A few years ago, Rockstar Games released the innovative L.A. Noire for Xbox 360, PlayStation 3 and PC, proving that it could do more than the not-so-usual open world fare of its Grand Theft Auto and Red Dead Redemption games. It harkened back to a time when Los Angeles was filled with much more mystery, and even though it wasn’t quite perfect, it provided to be a valiant effort for the developers at Team Bondi, as well as the publisher.
Now here we are, years later, giving the game a revisit on the Nintendo Switch. And while the product isn’t altogether new (it’s a modified port with all of its downloadable content included), the experience it provides – especially on the Nintendo Switch – is one-of-a-kind.
Now, there are a couple of things to keep in mind. One, you’re going to need a lot of hard drive space in order to play this game. It’ll max out your system memory of 32GB way too easily, and even if you have a memory stick, it’s likely to get wiped out, too. Your best bet is the physical version, though you’ll still need to download some data.
The second thing is that this version’s visuals aren’t quite as good as the Xbox One/PS4 editions. Those are fully remastered with visuals that take advantage of the hardware, and, by comparison, the Switch version is slightly fuzzy, although it looks just fine in portable mode. There are noticeable pop-ups in this version, particularly with those pesky trees and passerby. It's not a deal-breaker, as the motion capture still looks spectacular. Just consider yourself informed.
Now, with those caveats out of the way, I can say with confidence that L.A. Noire is a terrific experience on the Switch. It’s a great game on other formats as well, but Rockstar went all out to assure that this version actually takes advantage of the hardware, making it feel like an almost altogether experience that feels custom made for it. It’s really something.
The game follows detective Cole Phelps as he begins solving cases left and right, working his way up the ranks to full-blown L.A. detective. But the cases aren’t always easy, and sometimes you’ll find yourself at greater odds with people who aren’t quite what they say they are. You know, the kind of stuff that can make for a great mystery.
There are some great touch screen controls thrown into the game, making it easier to file through your book of clues, especially when you’re trying to cross-examine someone in questioning. The motion controls are okay, I suppose, but playing the conventional way really is the best way to go.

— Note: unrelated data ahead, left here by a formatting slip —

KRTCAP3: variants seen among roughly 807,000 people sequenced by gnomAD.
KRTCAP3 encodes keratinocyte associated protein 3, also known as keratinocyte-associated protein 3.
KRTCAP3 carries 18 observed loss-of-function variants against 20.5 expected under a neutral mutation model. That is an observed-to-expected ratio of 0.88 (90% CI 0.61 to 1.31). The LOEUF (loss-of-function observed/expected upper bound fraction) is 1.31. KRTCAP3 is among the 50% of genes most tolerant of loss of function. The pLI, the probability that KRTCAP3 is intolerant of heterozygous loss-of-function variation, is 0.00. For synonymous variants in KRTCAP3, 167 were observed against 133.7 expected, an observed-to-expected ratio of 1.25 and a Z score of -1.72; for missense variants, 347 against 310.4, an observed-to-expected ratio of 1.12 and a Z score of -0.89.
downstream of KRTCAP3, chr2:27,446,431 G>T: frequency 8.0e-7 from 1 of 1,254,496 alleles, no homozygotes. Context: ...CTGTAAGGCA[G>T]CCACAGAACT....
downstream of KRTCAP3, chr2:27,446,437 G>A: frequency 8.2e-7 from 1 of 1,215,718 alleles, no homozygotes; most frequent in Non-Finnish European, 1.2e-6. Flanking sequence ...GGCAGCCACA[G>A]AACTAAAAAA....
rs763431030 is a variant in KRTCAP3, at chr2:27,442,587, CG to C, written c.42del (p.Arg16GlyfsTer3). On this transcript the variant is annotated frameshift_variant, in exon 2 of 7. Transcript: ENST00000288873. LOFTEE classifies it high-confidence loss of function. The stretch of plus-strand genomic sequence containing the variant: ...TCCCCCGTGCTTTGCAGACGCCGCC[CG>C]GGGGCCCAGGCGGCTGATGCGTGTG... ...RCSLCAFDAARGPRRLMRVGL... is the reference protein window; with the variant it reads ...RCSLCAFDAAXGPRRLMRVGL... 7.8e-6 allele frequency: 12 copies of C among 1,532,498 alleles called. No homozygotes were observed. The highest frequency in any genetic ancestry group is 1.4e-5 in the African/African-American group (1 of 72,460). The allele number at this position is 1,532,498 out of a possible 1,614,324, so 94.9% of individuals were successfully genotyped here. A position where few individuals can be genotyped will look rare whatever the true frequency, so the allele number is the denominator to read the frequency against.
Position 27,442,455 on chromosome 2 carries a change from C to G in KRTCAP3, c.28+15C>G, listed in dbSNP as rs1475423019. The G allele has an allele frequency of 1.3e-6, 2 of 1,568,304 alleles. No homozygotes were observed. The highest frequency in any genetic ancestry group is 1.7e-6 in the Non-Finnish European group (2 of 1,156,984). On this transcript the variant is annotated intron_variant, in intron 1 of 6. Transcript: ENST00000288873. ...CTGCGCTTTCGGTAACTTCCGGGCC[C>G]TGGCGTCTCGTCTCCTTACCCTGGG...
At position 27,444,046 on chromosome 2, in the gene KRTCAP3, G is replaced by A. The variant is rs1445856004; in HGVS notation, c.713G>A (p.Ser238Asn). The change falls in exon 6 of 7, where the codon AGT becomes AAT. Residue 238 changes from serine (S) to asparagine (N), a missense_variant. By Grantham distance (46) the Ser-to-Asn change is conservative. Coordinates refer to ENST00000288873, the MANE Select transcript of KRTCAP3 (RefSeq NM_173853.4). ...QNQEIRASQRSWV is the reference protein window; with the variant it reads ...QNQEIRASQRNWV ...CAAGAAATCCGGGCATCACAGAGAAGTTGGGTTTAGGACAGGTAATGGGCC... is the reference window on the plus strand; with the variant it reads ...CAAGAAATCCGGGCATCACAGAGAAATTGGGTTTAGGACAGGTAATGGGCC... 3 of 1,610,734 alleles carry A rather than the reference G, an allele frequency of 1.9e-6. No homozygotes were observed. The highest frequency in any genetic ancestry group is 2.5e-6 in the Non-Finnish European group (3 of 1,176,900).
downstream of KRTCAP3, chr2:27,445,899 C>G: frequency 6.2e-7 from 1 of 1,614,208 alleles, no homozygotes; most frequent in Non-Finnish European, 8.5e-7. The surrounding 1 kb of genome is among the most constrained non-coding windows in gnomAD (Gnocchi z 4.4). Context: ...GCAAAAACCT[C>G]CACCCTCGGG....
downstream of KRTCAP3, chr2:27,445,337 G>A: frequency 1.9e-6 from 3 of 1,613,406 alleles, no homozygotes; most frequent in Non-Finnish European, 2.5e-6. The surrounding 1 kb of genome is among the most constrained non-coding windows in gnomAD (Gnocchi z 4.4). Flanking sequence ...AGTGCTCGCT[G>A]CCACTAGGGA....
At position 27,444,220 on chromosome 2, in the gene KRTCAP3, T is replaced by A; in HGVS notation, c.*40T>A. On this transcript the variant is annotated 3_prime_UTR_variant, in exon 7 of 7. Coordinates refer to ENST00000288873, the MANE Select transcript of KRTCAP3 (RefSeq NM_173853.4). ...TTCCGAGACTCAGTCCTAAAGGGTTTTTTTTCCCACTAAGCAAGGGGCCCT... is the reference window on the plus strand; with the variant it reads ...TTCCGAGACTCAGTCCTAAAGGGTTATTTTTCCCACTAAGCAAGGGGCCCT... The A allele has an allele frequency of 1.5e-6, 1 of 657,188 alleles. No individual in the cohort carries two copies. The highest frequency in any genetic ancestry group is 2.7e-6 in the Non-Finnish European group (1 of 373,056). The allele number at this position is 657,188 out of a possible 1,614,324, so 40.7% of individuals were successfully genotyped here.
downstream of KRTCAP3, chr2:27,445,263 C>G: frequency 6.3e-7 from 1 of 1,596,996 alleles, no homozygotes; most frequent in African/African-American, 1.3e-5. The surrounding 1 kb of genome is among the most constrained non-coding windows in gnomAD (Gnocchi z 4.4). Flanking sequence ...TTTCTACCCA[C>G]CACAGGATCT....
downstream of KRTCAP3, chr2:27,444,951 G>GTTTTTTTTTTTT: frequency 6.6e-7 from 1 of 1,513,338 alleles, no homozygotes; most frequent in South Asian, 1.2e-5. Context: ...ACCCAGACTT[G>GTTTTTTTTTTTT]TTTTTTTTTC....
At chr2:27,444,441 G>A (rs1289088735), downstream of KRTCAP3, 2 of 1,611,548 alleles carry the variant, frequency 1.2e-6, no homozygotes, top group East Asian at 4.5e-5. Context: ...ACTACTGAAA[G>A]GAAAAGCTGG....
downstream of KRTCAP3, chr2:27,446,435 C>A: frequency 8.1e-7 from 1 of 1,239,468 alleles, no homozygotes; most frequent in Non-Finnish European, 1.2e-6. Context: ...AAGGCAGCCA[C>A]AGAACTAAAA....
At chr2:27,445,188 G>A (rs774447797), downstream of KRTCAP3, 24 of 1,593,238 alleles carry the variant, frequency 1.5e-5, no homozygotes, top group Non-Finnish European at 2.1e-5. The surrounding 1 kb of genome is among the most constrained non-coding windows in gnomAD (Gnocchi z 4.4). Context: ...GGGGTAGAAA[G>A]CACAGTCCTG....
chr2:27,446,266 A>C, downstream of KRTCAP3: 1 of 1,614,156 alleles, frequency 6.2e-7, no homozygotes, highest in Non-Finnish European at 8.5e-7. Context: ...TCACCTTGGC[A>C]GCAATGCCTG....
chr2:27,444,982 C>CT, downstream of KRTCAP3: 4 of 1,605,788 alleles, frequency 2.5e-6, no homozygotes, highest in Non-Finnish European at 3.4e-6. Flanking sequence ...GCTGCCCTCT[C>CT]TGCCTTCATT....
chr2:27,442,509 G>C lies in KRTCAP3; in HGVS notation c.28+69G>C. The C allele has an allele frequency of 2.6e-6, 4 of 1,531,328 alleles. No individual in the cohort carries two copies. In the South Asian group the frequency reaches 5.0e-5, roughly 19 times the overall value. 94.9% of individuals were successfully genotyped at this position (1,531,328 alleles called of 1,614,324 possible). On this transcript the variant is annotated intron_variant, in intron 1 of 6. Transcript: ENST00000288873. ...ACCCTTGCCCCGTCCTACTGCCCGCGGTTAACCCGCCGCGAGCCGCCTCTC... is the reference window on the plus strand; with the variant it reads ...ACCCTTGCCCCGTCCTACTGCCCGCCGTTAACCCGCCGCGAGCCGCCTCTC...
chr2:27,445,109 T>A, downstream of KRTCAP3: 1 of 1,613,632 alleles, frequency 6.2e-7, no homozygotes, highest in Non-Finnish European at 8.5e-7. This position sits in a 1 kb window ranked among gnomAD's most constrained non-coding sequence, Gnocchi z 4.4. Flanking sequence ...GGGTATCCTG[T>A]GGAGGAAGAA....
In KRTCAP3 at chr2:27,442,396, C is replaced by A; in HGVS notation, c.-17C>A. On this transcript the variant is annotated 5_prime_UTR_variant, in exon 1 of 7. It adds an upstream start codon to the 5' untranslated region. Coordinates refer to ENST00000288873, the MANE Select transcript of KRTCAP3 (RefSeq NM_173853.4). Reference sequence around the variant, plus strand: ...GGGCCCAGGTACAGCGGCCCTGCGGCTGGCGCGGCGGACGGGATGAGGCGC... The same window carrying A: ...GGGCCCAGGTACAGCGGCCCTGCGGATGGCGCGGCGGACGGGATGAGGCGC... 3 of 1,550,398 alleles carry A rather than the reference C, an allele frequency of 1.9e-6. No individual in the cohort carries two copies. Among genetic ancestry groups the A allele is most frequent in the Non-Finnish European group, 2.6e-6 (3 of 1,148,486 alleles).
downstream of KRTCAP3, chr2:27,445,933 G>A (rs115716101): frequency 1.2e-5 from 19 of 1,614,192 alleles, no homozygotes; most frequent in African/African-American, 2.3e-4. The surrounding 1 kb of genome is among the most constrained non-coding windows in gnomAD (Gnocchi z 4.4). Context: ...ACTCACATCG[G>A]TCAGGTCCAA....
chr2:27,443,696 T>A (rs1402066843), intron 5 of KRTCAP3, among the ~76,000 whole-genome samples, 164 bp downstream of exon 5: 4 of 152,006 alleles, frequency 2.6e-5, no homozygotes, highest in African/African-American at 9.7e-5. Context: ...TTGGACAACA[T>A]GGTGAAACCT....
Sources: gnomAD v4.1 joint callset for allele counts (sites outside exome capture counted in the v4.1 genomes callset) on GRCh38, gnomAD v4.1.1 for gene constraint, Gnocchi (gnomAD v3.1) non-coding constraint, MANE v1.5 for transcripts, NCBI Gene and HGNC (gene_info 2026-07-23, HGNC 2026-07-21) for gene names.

I’m also a fan of some of the refined elements within the game. Questioning suspects and people of interest wasn’t always the easiest thing to do, mainly because of Phelps’ weird responses. But the system has been refined tremendously, so while you’re still be challenged, it won’t be by your own accord. Playing the good cop and the bad cop and going to a full-blown accusation is way more satisfying.
The rest of the open-world elements are nicely captured, but there are some questionable choices with controls. For instance, in shootouts, the “fire” button isn’t as well mapped as I would’ve preferred, even though it still works. And driving is fun, though the consistent nagging of your co-rider can be a bit annoying. Yes, I know I’m driving badly. Thanks for reminding me consistently.
As for the general content, it’s still quite good, and the story, which delves into Phelps’ past and also brings a few details back to light, is very well told, if not quite as solid as some of the earlier Grand Theft Auto offerings. It’s very good overall, though, and fans that have dug in before will no doubt want to do it again here.
The extra DLC, paired with the neat touch-screen set-up and various hours’ worth of cases, make L.A. Noire worth the investment again. While the presentation isn’t the greatest and there are some quirks that keep this from being amongst Rockstar’s elite, it’s a wonderfully done port that will make Switch owners feel right at home.
And consider this as a bonus. If Noire becomes a hot seller for the system, that means Rockstar Games may consider Red Dead Redemption 2 and Grand Theft Auto V at one point – and what we wouldn’t give to take those on the go.
WWG’s Score: Four out of five.
Disclaimer: A review copy was provided by the publisher.